In a recent article on Places, Belmont Freeman wrote about the dissolving line between reality and representation in contemporary architectural photography. Digital imaging technology has become so powerful that it can be hard to tell whether a building exists in the world as concrete and glass and steel, or as a bunch of ones and zeros in the ether. Even if the building exists, how do we know which material flaws and idiosyncrasies have been photoshopped into unreal perfection? As an artist, I can’t speak to the professional consequences for architects, but Freeman got me thinking about the gap between the built environment and its representations. In this gallery, we present three artists whose work explores the world at different levels of remove from reality. Unlike architects, whose “real work,” Freeman writes, is “to get the project built,” artists have no responsibilities to the practical problems of the physical realm. Indeed, it is often in the gap between the real world and its representation that meaning is created.
Chris Ballantyne is a Brooklyn-based artist whose paintings riff on suburban infrastructure and its strange relationship with nature. His dioramas are self-contained worlds in which ordinary aspects of urban sprawl — tract housing, roadside ditches, parking lots — butt up against the surreal and fantastical. They depict human attempts to contain the wild and the unknown and point to the precariousness of that containment. In one painting, a cul-de-sac lined with houses rings the edge of a cliff that drops off into a sky-blue void underlying the land itself. In another, a vacant parking lot that could belong to a fast-food restaurant or a convenience store perches high among rocky outcroppings reminiscent of the mountainous terrain in Chinese scroll paintings. The paintings’ surrealism seems to invite a symbolic understanding of place, but the familiarity of specific details keeps bringing me back to experiences in the real world — to the strange psychological charge that the most mundane spaces can have.
Bas Princen is a Dutch photographer who makes unaltered images of real places, but he chooses his subjects and photographs them in a way that creates self-contained tableaux best understood on their own terms, and not in the context of the photographed site. Princen isolates his scenes and distills their essence, but he is not didactic or reductionist; the images maintain an enigmatic presence. In one photograph, a perfectly gridded ceiling is supported by concrete columns, all painted white, above a ground strewn with rocks and litter. I don’t know what or where this place is, but specific details — like the sloppy bottom edges of the paint job — underscore its physical reality and open up the picture beyond the symbolic duality of order vs. chaos. In another image, the title provides the use and location — “Cooling Plant, Dubai” — but does nothing to diminish the mystery of the black monolith that takes up nearly the entire frame, surrounded by workers clad in blue jumpsuits, who seem unsure of what to do in the face of its impenetrable, visceral physicality. Skyscrapers float in the background, idealized and ethereal. In many of Princen’s images, buildings take on the morphology, presence and muteness of mountains, sometimes literally merging with geologic features, while natural forms are hard to distinguish from human alteration.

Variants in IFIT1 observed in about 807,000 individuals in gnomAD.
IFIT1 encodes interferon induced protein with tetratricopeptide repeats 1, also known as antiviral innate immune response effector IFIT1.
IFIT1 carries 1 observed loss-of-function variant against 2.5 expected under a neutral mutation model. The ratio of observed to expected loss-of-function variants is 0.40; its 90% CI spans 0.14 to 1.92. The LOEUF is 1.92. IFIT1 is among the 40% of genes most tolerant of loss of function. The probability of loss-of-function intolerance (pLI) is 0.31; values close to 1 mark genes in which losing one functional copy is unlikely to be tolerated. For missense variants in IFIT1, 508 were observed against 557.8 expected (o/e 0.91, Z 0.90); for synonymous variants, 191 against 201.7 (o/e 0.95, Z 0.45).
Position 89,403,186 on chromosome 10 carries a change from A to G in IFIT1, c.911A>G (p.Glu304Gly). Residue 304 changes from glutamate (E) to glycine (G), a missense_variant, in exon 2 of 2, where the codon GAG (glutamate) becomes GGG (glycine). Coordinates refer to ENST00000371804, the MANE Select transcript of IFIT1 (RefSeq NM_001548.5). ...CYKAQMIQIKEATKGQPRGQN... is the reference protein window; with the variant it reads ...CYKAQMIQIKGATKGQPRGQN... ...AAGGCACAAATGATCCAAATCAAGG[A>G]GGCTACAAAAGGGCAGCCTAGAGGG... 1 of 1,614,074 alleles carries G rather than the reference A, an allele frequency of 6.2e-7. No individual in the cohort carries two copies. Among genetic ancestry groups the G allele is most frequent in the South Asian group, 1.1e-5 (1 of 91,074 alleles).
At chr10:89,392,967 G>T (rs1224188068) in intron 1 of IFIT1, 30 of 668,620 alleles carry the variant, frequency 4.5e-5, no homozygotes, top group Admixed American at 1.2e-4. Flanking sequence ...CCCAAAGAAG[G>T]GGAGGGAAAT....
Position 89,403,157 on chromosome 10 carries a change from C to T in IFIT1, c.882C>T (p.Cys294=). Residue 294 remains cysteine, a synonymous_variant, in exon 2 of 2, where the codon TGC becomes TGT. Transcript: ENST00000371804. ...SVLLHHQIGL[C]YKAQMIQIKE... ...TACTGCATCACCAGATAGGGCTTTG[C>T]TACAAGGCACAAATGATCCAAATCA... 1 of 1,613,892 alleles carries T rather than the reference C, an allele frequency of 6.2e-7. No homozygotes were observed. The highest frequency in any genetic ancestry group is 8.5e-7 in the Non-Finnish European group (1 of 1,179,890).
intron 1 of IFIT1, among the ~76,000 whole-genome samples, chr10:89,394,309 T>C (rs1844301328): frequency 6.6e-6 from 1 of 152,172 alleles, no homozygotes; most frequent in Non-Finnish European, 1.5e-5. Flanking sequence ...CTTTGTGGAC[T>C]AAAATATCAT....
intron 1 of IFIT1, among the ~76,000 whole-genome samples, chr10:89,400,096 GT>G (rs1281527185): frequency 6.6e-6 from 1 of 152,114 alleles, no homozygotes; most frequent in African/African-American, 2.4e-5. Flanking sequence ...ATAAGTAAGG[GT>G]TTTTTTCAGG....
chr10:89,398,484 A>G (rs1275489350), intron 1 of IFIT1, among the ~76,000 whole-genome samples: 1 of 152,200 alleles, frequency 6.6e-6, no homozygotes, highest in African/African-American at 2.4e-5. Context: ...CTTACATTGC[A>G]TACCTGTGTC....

Lauren Marsolier, a French artist living in Los Angeles, creates faked spaces that are convincingly real using multiple source photographs, unrelated fragments of reality collected over time in a wide variety of locations. Marsolier’s landscapes are stripped down to elemental parts — barren hillsides, open stretches of sand or gravel, ambiguous and simplified human structures — but, unlike many artists working with digital photo-montage, she does not combine these elements in an overtly symbolic manner. Her images draw their impact from the atmosphere of the spaces they depict. I am reminded of the cool, stark aesthetic in many contemporary architecture and lifestyle magazines, but with a pervading unease —that sleek minimalism transmuted to desolation. The perspective of Marsolier’s images puts the viewer into their space, and the intentionally awkward cropping implies a world beyond the bounds of the frame. I imagine myself sitting in the plastic lawn chair in one image or at the edge of a parking garage in another, staring off into a deserted expanse located somewhere between idea and reality.